Will Simon Clarke save the property market?
In a few days, the new Secretary of State for Levelling Up, Housing and Communities will outline his strategy for housing, but what will it look like?
Well perhaps we should look at his experience. He has been an MP since 2017 and represents Middlesbrough South and East Clevedon, so he will have hopefully some awareness of northern austerity already, unlike, for example, distant predecessor Mr Jenrick, who was very southern and London-centric when it came to housing and planning.
Mr Clarke has also done brief stints at the Treasury, so you would guess that he is financially prudent, which will come in handy given that the government is now under Hunt shifting back into austerity mode. Interestingly, Clarke received a £5,000 donation from Zac Goldsmith in August 2022 – I am unsure what that means, as Baron Goldsmith has many irons in the fire.
The big items that Clarke will need to tackle are a lack of housing and the now mythical 300,000 new homes that were to be built annually, which are stubbornly weighing in at just 180,000 a year. With homebuilders looking to restrain building in 2023 due to economic headwinds, he has his work cut out here.
The private residential lettings sector needs a resolution. On a daily basis it seems that section 21 is either being repealed or will remain – at present it will be repealed, but a new prime minister may take a different view. The crux of the landlord and tenant problem is that there is a huge tussle for power. Landlords are selling up and getting out of the sector due to higher regulation, and the erosion of their “rights” and “powers”. This is causing rents to rise as there is no stock to rent.
On the flip side, many pressure groups are looking to further enfranchise the tenants’ rights, mix in the fact that subsequent governments have had a creeping policy of favouring institutional landlords, rather than private landlords, and Mr Clarke will do well to navigate this complex question.
The cladding scandal also has not gone away. Hundreds of thousands of properties are still unmortgageable, trapping owners. Remedial work for many blocks has not yet started. This mess still needs addressing.
With government spending being cut back, how will the new secretary tackle social housing, where the most vulnerable people live? His own constituents live in some of the worst housing stock in the UK. So, with a general election on the cards, he needs to be looking after this part of the electorate.
“…the revolving door of politics makes any real progress impossible.”Andrew Stanton
To my mind, having seen so many housing secretaries and housing ministers come and go in the last 40 years of my life in property, just like Gove who bounced in and gave a few soundbites then bounced out, in a way it matters little what Simon Clarke announces – it is likely to buried in the upcoming carnage that the Conservative party is going to bring on itself.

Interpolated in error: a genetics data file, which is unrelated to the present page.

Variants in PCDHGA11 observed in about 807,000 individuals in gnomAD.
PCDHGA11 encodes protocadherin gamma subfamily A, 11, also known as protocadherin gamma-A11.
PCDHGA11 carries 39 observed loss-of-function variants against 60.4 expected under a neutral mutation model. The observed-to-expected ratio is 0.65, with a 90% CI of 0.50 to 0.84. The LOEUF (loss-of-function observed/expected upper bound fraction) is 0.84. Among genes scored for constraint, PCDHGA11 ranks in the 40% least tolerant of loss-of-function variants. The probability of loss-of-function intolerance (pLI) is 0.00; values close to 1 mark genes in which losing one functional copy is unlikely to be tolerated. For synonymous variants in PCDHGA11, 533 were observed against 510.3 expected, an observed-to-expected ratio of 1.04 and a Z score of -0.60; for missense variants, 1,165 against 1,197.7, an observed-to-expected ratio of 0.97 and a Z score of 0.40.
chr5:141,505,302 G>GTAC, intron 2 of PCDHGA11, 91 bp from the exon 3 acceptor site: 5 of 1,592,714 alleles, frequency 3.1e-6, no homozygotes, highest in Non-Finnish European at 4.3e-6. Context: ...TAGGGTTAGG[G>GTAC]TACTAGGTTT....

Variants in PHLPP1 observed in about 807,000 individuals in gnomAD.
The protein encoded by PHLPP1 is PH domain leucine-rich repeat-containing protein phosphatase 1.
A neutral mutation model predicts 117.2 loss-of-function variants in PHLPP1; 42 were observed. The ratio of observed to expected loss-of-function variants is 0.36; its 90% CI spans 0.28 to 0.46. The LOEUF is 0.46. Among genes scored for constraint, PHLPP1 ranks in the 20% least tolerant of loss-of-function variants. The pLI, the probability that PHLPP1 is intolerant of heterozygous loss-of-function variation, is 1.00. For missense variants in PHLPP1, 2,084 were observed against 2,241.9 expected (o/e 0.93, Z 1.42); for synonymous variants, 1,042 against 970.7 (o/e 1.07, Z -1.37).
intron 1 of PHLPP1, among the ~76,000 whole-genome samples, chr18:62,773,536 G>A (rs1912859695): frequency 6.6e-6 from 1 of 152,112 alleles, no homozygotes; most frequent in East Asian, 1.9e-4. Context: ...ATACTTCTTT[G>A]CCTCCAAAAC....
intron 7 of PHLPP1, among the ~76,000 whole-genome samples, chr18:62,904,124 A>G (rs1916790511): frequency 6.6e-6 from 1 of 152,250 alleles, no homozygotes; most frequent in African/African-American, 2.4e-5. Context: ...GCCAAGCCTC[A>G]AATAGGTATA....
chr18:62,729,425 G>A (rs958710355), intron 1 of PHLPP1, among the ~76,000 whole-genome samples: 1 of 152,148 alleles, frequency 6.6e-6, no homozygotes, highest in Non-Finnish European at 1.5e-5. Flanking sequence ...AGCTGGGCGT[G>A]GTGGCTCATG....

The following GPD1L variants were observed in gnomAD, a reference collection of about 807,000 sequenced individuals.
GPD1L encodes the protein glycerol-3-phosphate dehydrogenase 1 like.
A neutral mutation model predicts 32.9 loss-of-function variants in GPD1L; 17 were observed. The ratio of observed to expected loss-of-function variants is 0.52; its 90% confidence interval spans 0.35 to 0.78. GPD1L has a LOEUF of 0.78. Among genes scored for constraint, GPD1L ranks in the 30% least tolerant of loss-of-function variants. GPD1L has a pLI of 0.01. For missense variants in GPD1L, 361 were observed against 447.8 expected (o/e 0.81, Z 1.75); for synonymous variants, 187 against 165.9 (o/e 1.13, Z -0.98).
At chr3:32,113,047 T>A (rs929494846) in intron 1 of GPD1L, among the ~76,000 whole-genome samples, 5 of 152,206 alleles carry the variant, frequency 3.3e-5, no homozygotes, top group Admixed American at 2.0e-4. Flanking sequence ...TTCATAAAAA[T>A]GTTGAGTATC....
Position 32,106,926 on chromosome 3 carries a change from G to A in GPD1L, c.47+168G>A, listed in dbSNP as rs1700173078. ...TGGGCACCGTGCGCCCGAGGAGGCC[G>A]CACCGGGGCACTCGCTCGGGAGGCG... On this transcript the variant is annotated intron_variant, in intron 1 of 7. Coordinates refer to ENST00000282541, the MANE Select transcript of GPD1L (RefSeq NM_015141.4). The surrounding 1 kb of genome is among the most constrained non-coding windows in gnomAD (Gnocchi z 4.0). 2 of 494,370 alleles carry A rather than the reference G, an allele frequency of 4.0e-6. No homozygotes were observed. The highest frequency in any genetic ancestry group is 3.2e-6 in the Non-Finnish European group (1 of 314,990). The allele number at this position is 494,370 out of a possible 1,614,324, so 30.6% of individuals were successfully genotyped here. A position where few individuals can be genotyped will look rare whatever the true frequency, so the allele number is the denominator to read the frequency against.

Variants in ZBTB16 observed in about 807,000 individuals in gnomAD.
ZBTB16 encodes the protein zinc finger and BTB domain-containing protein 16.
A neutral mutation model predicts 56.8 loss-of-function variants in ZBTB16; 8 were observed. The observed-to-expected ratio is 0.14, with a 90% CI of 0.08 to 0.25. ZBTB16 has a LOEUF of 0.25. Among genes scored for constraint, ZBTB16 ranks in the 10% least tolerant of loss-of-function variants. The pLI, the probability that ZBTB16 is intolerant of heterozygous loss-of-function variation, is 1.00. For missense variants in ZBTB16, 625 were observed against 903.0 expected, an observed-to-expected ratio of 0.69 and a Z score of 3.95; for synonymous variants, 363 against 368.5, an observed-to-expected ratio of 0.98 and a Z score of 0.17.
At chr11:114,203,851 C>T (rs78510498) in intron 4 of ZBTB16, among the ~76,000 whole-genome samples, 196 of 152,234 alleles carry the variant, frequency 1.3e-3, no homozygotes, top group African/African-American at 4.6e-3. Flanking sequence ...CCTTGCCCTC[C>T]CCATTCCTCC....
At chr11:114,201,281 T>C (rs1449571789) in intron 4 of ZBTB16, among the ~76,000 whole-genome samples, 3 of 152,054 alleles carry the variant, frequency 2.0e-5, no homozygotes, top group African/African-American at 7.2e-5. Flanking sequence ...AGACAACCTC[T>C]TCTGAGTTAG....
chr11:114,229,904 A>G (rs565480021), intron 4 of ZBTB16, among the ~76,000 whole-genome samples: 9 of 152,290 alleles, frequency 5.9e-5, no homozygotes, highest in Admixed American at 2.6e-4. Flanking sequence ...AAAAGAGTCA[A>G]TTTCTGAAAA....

The real shame here is that there is a huge number of invested stakeholders, who interface daily with the government to clearly outline the issues and solutions that need to be implemented, but the revolving door of politics makes any real progress impossible.
NAPB: “We Are Particularly Pleased to See the Stamp Duty Cut Has Not Been reversed.”
Press Release: New Chancellor has now basically delivered “Kwexit” and leaves the PM’s future in peril…
JEREMY Hunt’s decision not to reverse the cut to stamp duty has been praised by the National Association of Property Buyers.
But the NAPB said there were huge question marks over how Liz Truss could remain as Prime Minister following the dismantling of her mini-budget.
Jonathan Rolande, the spokesman for the NAPB, said: “Jeremy Hunt basically delivered “Kwexit” today he totally dismantled the mini-budget delivered by Kwasi Kwarteng.
“In our view, many of the steps Mr Hunt has taken should be welcomed, and it is reassuring to see a more steady hand after the failed experiment of the mini-budget. It feels like, at last, a grown-up is back in charge.
“We are particularly pleased to see the SDLT cut has not been reversed. This is welcome because buyers were paying ever larger amounts thanks to rising prices.
“However, many of the benefits for buyers will be eroded due to higher borrowing costs. The prospect of the energy cap being withdrawn in six months, to be replaced with more targeted assistance for those that need it most makes it look likely that by next winter, those with capital and lower monthly outgoings – usually homeowners – could well be paying a much larger proportion of their incomes for fuel.
“The current leadership so botched the budget that measures to put us back on track may well need to be much harsher than they would have been had things simply been left alone.
And property owners will be looking to the Government for constant reassurance that support will be in place beyond April to help with fuel bills.”
Proptech and Property News in association with Estate Agent Networking.
Andrew Stanton is the founder and CEO of Proptech-PR, a consultancy for Founders of Proptechs looking to grow and exit, using his influence from decades of industry experience. Separately he is a consultant to some of the biggest names in global real estate, advising on sales and acquisitions, market positioning, and operations. He is also the founder and editor of Proptech-X Proptech & Property News, where his insights, connections and detailed analysis and commentary on proptech and real estate are second to none.